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The trick is that you're not just moving air, you're also increasing your volume. While the air is in the cylinder, it is at a very high pressure. A given amount of air takes up a rather small amount of space. When you push air into the BCD, you let it expand, decreasing it to a lower pressure (equal to the pressure of the water, actually). Now that same ...


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Using the ideal gas law: $P(h) = P_0 + \rho_w g h$, ${V_o P_0} = {V(h) P(h)}$ which gives $V(h) = {V_o P_0}{1 \over P_0 + \rho_w g h}$.


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As you go deeper, the pressure increases, decreasing the volume of the gas in the bubble. In water, the pressure is appoximately $14.7(1+\frac d{33})$ psi where $d$ is the depth is measured in feet. The volume goes as the inverse of the pressure.


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There is no easy way to calculate this for liquids because the heat exchange will depend on whether there is any convection in the liquid or not. You can calculate the solution for the heat (conduction) equation for your geometry, but this may or may not give the right answer. The problem is a lot better defined for solids which can not convect. The ...


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Instead of just adding boiling water as @Gert did, lets drain cool water and replace it with boiling. This way we'll keep the total volume of water constant $V=300$ gal. We can determine what volume of water to add $v_\mathrm{add}$. $$(V-v_\mathrm{add})\cdot T_\mathrm{orig} + v_\mathrm{add}\cdot T_\mathrm{add} = V\cdot T_\mathrm{target}$$ $$v_\mathrm{add} ...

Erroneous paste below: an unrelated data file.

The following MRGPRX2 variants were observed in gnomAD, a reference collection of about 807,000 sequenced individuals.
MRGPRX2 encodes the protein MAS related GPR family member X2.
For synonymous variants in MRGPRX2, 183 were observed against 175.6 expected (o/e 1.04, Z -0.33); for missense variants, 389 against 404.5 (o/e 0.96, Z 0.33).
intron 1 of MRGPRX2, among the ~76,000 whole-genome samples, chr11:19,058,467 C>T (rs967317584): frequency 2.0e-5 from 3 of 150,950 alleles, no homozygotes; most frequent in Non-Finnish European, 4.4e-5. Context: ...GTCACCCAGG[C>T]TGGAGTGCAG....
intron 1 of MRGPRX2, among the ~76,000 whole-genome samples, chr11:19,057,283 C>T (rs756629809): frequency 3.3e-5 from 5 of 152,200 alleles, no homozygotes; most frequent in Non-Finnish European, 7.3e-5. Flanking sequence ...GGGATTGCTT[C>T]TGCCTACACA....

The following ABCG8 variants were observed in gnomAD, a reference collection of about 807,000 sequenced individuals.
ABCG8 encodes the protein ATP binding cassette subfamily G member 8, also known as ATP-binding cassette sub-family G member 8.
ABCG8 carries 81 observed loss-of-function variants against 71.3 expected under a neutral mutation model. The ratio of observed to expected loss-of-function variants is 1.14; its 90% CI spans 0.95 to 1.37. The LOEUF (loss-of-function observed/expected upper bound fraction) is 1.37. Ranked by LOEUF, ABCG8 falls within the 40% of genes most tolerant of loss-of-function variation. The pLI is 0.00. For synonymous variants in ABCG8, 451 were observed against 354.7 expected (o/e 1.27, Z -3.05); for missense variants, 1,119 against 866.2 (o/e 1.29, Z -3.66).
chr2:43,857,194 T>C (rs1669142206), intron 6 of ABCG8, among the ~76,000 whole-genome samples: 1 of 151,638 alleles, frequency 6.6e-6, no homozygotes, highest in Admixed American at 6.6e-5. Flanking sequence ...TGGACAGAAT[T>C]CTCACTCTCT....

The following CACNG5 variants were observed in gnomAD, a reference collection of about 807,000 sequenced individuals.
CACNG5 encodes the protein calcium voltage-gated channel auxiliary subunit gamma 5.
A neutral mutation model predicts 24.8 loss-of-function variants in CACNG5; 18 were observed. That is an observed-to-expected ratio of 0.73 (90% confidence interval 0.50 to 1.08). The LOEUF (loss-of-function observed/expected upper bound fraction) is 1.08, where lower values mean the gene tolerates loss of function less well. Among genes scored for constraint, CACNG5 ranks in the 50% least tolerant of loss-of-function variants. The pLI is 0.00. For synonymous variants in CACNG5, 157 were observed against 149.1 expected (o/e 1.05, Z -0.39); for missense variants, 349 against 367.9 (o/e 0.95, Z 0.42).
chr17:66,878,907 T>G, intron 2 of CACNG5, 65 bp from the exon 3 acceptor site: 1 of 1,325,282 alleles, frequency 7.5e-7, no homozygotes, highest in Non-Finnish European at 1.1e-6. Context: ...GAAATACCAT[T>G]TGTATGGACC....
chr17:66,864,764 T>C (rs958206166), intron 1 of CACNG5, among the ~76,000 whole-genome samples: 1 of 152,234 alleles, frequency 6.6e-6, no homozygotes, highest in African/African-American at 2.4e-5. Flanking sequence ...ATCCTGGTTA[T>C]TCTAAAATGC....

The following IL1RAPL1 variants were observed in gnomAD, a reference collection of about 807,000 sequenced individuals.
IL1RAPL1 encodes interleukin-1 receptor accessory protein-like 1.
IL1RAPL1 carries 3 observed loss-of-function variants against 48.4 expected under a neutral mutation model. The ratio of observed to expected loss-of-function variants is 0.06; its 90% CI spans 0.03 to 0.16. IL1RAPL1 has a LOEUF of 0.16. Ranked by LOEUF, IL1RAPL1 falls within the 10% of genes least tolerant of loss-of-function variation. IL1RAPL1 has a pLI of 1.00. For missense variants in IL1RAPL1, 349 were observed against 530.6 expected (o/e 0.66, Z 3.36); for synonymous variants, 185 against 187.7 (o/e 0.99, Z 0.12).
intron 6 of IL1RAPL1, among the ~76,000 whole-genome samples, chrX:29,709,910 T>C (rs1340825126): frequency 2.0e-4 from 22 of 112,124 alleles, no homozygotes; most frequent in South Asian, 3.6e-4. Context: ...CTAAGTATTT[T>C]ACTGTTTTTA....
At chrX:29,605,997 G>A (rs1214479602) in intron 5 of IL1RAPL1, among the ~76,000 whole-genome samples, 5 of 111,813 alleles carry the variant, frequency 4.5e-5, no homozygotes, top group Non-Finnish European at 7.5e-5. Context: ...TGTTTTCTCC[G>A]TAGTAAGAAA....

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It's not the question asked, but looking at the power requirements might give some insight. Raising the water temperature requires a specific amount of energy, and the time constraint gives a required power. $$P = \frac{m C T} { t}$$ $$P = \frac{300\text{gallon }(1000\text{kg/m^3})(4.186\text{J/g K}) 14\text{degF}}{1 \text{hour}}$$ $$P = ...


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A typical hot tub will be coming to an equilibrium based on some forcing term $F$ adding heat to the system plus some proportional response $\lambda$ which loses heat to the environment:$$\rho \frac{dT}{dt} = F - \lambda (T - T_0)$$This is a linear ODE whose equilibrium temperature is $T = T_0 + F/\lambda.$ To increase $T$ as fast as possible you should: ...


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Assuming no heat is lost to the environment the heat balance on adding some boiling water ($212\:\mathrm{F}$) is given by: $$m_{bath}cT_{bath}+m_{added}cT_b=(m_{bath}+m_{added})cT_f$$ where: $m_{bath}=300\:\mathrm{Gall}$ is the initial amount of water, $T_{bath}=32.2\:\mathrm{Celsius}$, $m_{added}$ the amount of boiling water added, ...


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Heat transfer can occur by conduction, by convection, and by radiation. If you consider conduction through the bulk of the cup, the rate of heat transfer is directly proportional to the temperature difference across the material of the cup. As your experiment holds all variables equal except the temperature difference, cup A will lose heat at a faster rate ...


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Yes, agitation will generally promote heat transfer and reduce heating times (although quantifying the effect is not easy). But the effect is not related to the bulk speed of the kettle. When the water is heated a diffuse (poorly defined) boundary layer is formed on the bottom of the vessel. This layer is at a temperature that is slightly higher than the ...


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Coherent motion does not add to the temperature; so you would have to shake it violently, with random motions. Consider sound in air - this is a coherent motion - when you can no longer make out the sounds in a closed room, the energy of the sound waves has been transformed into heat.


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Visit http://www.science.uwaterloo.ca/~cchieh/cact/applychem/hydration.html You can see that the enthalpy of hydration is a two step proccess solvation and reverse crystallization, the ΔH(hydr) is actually positive so you have to give energy just to dissolve the NaCl in water, in order to seperate the water from the NaCl you need to account for the enthalpy ...